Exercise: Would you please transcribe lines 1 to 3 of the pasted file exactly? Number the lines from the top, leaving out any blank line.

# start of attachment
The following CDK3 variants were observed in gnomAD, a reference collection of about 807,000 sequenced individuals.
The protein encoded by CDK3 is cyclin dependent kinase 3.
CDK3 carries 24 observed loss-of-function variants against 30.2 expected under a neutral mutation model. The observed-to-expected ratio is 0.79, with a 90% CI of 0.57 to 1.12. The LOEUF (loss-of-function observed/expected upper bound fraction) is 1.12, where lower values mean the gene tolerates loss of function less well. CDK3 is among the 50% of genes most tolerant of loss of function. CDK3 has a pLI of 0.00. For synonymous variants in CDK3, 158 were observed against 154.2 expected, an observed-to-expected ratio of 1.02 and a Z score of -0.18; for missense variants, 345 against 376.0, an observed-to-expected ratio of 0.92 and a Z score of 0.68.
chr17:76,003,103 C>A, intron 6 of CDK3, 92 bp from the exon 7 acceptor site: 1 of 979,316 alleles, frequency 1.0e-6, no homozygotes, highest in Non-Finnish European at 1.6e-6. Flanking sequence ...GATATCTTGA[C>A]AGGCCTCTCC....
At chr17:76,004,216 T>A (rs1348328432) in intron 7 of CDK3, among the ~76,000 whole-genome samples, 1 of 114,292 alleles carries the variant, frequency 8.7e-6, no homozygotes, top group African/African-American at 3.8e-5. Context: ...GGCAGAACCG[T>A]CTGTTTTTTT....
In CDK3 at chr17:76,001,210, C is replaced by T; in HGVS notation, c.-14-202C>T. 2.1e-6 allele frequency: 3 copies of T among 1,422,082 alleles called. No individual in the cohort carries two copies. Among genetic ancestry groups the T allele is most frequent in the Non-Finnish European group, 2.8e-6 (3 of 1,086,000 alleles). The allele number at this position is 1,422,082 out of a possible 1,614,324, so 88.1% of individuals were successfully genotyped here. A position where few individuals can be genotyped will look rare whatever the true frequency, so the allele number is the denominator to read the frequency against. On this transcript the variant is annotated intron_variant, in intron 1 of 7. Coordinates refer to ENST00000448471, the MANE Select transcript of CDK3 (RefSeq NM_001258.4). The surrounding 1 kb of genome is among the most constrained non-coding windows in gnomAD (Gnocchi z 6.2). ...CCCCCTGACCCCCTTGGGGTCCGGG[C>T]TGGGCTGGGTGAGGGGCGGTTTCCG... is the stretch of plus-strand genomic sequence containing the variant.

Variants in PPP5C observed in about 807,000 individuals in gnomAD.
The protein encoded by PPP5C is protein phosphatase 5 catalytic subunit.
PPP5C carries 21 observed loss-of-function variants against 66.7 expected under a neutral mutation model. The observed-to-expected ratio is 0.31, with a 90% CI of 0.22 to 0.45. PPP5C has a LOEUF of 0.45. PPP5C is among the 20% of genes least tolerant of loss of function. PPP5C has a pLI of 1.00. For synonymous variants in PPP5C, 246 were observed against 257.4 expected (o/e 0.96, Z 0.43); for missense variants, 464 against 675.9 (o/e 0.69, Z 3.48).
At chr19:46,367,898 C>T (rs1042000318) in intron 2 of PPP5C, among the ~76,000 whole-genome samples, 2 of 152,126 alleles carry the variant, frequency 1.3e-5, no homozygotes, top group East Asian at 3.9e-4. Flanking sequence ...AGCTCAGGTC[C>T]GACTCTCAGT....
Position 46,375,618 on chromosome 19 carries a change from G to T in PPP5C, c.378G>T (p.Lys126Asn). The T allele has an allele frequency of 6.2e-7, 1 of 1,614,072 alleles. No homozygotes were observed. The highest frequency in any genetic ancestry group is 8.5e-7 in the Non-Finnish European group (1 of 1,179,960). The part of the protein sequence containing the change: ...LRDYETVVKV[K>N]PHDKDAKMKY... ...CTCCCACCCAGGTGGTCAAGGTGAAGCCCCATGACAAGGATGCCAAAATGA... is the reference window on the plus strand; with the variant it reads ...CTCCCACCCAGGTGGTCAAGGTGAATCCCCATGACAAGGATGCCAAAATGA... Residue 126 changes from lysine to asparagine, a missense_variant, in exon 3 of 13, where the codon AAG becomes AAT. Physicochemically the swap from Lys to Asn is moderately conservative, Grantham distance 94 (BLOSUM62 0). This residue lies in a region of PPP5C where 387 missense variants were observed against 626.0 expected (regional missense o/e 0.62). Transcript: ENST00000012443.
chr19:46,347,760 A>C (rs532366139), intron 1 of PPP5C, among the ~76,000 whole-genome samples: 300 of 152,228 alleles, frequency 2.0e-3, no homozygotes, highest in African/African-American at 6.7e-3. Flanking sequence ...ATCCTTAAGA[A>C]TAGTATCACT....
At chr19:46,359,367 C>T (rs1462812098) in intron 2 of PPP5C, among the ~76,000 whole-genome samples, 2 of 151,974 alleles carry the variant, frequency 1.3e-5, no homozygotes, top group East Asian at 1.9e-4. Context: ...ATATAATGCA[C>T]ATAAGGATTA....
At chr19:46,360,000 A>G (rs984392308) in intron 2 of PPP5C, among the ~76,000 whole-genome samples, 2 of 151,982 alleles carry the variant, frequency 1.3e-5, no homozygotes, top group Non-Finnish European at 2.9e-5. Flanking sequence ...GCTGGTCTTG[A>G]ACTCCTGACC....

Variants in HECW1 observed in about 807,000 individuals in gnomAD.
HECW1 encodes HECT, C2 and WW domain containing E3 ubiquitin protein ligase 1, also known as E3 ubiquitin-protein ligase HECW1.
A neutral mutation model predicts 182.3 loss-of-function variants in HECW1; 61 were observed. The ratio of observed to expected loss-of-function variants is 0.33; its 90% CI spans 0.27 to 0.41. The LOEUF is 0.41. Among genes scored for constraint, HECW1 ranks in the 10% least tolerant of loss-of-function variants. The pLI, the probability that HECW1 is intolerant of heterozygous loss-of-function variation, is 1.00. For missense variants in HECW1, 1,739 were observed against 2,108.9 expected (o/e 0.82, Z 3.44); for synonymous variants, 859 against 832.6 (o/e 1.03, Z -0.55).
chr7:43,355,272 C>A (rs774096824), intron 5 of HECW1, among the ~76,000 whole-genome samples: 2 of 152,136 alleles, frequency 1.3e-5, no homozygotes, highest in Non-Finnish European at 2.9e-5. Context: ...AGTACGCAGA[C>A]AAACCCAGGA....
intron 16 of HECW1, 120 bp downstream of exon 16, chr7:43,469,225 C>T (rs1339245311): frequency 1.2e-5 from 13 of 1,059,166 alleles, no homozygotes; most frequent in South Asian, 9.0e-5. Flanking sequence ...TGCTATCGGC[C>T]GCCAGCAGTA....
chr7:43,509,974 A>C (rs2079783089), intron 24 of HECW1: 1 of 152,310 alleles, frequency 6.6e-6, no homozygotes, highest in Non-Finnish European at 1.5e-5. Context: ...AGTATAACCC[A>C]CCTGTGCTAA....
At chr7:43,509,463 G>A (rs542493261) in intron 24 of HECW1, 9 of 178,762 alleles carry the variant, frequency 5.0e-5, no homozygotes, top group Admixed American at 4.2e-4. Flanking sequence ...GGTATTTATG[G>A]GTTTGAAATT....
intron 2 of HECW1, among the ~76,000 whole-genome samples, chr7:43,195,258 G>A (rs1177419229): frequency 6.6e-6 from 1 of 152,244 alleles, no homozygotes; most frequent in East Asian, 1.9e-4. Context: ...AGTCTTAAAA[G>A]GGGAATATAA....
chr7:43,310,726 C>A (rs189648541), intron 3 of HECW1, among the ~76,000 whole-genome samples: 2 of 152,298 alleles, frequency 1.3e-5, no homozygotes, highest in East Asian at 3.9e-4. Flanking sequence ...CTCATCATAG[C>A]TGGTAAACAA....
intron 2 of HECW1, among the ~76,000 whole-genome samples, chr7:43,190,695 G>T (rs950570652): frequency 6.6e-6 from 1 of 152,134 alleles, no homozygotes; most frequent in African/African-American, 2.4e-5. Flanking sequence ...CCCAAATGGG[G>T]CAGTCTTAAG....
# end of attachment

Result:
The following CDK3 variants were observed in gnomAD, a reference collection of about 807,000 sequenced individuals.
The protein encoded by CDK3 is cyclin dependent kinase 3.
CDK3 carries 24 observed loss-of-function variants against 30.2 expected under a neutral mutation model. The observed-to-expected ratio is 0.79, with a 90% CI of 0.57 to 1.12. The LOEUF (loss-of-function observed/expected upper bound fraction) is 1.12, where lower values mean the gene tolerates loss of function less well. CDK3 is among the 50% of genes most tolerant of loss of function. CDK3 has a pLI of 0.00. For synonymous variants in CDK3, 158 were observed against 154.2 expected, an observed-to-expected ratio of 1.02 and a Z score of -0.18; for missense variants, 345 against 376.0, an observed-to-expected ratio of 0.92 and a Z score of 0.68.